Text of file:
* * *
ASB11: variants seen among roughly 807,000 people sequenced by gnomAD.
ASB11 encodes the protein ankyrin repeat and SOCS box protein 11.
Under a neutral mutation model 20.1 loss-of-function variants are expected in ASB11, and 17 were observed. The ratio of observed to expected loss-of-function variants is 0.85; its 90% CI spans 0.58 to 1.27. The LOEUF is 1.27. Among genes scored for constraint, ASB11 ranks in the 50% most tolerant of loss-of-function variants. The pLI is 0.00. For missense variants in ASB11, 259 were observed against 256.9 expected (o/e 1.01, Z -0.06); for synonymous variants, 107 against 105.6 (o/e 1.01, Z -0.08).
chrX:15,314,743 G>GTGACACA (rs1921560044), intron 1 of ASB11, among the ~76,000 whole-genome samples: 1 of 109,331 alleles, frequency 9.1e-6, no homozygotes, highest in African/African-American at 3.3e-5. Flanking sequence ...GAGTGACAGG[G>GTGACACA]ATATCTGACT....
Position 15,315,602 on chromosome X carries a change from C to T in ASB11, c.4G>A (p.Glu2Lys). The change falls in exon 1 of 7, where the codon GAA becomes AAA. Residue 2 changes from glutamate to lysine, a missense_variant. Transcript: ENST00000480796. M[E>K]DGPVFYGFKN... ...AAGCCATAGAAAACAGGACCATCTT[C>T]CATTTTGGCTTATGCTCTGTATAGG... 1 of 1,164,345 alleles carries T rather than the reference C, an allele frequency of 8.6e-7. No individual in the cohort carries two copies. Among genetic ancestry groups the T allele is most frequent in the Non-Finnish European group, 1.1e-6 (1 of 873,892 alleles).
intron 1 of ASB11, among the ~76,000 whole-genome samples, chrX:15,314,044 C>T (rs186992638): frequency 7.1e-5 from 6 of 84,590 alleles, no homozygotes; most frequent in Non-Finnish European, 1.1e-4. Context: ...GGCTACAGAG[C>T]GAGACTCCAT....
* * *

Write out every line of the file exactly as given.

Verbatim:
ASB11: variants seen among roughly 807,000 people sequenced by gnomAD.
ASB11 encodes the protein ankyrin repeat and SOCS box protein 11.
Under a neutral mutation model 20.1 loss-of-function variants are expected in ASB11, and 17 were observed. The ratio of observed to expected loss-of-function variants is 0.85; its 90% CI spans 0.58 to 1.27. The LOEUF is 1.27. Among genes scored for constraint, ASB11 ranks in the 50% most tolerant of loss-of-function variants. The pLI is 0.00. For missense variants in ASB11, 259 were observed against 256.9 expected (o/e 1.01, Z -0.06); for synonymous variants, 107 against 105.6 (o/e 1.01, Z -0.08).
chrX:15,314,743 G>GTGACACA (rs1921560044), intron 1 of ASB11, among the ~76,000 whole-genome samples: 1 of 109,331 alleles, frequency 9.1e-6, no homozygotes, highest in African/African-American at 3.3e-5. Flanking sequence ...GAGTGACAGG[G>GTGACACA]ATATCTGACT....
Position 15,315,602 on chromosome X carries a change from C to T in ASB11, c.4G>A (p.Glu2Lys). The change falls in exon 1 of 7, where the codon GAA becomes AAA. Residue 2 changes from glutamate to lysine, a missense_variant. Transcript: ENST00000480796. M[E>K]DGPVFYGFKN... ...AAGCCATAGAAAACAGGACCATCTT[C>T]CATTTTGGCTTATGCTCTGTATAGG... 1 of 1,164,345 alleles carries T rather than the reference C, an allele frequency of 8.6e-7. No individual in the cohort carries two copies. Among genetic ancestry groups the T allele is most frequent in the Non-Finnish European group, 1.1e-6 (1 of 873,892 alleles).
intron 1 of ASB11, among the ~76,000 whole-genome samples, chrX:15,314,044 C>T (rs186992638): frequency 7.1e-5 from 6 of 84,590 alleles, no homozygotes; most frequent in Non-Finnish European, 1.1e-4. Context: ...GGCTACAGAG[C>T]GAGACTCCAT....